| November 09, 2010
Know what you’re getting into before you begin
By Equipment World Staff
The accident: A construction crew was demolishing an addition to a school building when a roof collapsed, seriously injuring two workers.
The bottom line: An OSHA investigation concluded the contractor failed to have written proof of an engineering survey assessing the condition of the building and the possibility of an unplanned collapse. The company was also cited for failure to initiate a safety program.
In addition to the usual hazards, construction workers face, demolition work often presents unknown factors. Because you’re taking apart a structure someone else built, it may be difficult for you to accurately determine your risk level. Therefore, the OSHA standard governing demolition requires the contractor have a competent person perform an engineering survey to determine the structural condition of the structure, as well as any adjacent structures. Your employer is required to have written evidence the survey has been completed. This survey will not only alert you to structural problems, but should also inform you of any hazardous materials such as chemicals or explosives that may have been used or stored on the site.
There are a number of ways you can make yourself safer on a demolition site. Take the time to address the following questions:
• Is it a multi-story building? Remove exterior walls and floors from the top first and then work downward.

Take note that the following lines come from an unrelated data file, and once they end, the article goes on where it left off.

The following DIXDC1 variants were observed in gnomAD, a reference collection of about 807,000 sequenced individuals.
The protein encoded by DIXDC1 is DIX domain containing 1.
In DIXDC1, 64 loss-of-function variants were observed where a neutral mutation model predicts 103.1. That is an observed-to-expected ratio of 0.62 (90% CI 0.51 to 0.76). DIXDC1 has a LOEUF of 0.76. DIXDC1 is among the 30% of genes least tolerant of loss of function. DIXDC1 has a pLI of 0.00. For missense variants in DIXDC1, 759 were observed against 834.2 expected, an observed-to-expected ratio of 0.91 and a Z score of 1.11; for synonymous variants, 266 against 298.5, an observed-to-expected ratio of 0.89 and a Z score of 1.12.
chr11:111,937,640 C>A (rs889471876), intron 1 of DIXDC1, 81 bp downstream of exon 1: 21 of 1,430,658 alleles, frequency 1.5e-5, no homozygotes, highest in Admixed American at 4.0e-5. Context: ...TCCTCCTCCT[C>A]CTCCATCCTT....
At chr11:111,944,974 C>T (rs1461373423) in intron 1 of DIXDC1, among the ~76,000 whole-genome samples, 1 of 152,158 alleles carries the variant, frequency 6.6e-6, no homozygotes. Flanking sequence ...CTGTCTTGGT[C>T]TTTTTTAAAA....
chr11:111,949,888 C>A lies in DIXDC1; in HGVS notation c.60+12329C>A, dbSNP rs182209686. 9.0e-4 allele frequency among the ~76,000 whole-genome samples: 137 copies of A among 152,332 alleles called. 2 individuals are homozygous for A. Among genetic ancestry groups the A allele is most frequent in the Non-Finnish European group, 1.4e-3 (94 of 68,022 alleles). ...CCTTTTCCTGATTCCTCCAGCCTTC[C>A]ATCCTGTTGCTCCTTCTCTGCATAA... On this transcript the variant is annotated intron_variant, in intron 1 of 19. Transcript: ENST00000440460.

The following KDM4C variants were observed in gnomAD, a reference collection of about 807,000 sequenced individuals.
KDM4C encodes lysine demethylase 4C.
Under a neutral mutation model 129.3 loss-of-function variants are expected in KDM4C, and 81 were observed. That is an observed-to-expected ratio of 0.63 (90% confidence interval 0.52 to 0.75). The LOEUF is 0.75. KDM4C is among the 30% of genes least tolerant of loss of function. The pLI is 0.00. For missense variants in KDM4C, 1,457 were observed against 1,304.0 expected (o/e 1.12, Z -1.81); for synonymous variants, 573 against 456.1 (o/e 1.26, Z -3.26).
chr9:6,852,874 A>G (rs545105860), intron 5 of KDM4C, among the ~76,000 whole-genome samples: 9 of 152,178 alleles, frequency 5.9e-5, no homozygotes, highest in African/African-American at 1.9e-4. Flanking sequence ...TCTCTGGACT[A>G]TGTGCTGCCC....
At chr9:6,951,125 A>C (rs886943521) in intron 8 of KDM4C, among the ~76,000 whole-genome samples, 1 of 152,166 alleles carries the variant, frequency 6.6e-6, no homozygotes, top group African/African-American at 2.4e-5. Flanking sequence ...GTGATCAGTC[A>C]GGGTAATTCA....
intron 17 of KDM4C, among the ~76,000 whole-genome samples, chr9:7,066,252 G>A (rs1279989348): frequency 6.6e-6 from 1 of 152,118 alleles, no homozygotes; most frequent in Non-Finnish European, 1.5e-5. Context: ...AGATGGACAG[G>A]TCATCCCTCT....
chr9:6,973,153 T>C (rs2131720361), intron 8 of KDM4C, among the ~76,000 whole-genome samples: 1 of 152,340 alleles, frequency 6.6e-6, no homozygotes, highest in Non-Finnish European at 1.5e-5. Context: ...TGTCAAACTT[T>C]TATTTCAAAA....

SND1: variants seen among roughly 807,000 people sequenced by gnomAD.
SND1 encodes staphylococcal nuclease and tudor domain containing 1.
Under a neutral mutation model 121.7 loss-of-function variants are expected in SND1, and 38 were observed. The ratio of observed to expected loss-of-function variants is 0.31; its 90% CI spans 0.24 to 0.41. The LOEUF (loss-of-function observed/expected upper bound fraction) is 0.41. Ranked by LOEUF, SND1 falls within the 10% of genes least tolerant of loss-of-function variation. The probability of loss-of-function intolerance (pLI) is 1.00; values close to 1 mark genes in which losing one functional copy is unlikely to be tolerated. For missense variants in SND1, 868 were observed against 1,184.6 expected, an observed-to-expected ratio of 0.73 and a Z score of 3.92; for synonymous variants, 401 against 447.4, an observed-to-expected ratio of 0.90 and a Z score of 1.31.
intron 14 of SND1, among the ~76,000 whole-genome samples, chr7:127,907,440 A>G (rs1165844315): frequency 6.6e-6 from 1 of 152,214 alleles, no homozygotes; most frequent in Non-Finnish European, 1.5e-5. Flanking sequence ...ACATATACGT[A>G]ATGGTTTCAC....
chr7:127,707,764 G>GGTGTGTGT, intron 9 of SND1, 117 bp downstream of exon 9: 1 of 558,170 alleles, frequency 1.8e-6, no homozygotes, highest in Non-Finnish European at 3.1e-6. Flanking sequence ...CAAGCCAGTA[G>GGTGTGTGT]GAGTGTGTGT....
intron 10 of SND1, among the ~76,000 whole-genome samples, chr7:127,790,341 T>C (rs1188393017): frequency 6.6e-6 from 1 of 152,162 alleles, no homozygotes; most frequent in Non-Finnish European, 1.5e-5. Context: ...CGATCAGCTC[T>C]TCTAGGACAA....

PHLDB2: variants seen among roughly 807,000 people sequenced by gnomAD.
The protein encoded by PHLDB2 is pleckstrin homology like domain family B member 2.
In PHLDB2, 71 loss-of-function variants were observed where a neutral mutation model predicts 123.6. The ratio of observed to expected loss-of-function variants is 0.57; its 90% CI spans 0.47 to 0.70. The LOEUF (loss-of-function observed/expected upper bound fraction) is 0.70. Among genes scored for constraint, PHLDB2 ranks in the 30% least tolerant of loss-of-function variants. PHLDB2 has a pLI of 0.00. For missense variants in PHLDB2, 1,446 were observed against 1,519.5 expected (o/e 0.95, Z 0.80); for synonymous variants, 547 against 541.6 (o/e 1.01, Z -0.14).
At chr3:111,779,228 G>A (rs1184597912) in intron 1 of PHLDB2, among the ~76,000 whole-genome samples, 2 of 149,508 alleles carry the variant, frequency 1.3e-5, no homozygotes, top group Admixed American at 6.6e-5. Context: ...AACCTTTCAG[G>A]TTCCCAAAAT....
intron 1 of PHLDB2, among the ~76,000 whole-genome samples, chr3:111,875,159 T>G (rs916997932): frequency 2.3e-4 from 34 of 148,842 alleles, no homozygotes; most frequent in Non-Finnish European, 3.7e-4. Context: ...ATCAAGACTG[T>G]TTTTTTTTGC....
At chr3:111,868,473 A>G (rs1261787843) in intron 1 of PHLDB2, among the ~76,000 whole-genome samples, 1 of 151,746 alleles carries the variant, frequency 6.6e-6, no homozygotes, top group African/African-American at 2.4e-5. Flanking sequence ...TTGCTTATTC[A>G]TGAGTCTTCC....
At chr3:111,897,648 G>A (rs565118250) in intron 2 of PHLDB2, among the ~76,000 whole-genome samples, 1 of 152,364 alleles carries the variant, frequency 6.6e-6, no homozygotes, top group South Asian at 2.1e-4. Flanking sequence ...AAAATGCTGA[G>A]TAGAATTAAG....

• Are floors or walls damaged? If so, brace them or shore them up.
• Are you working on upper floors? Choose the appropriate personal protective equipment to secure you in the event of a fall. Inspect the equip- ment closely prior to use.
• Are utilities functioning? Shut off or cap all electric, gas, water and other service lines and notify utility companies.
• How are you dropping debris to the ground? Use an enclosed chute with a gate on the discharge end. Floor openings used for material dis- posal must be smaller than 25 percent of the total floor area.
• Are you using equipment inside? Guard wall openings to a height of 42 inches; ensure the floor can withstand the combined weight of man and machine.
• Does the building have ornamental work? Remove all decorative stonework before pulling the walls down.
• Where are the load-supporting members? Don’t cut or remove them until all stories above have been removed.
• Do structural collapse hazards exist? Don’t begin work until they are supported by shoring or bracing. EW
Information for this Safety Watch came from an accident, OSHA standard 29 CFR 1926 Subpart T (Demolition) and Diven, Richard J. and Mark Shaurette. Demolition: practices, technology and management. Chapter 8, p. 95-101. Purdue University Press.
It is meant for general information only.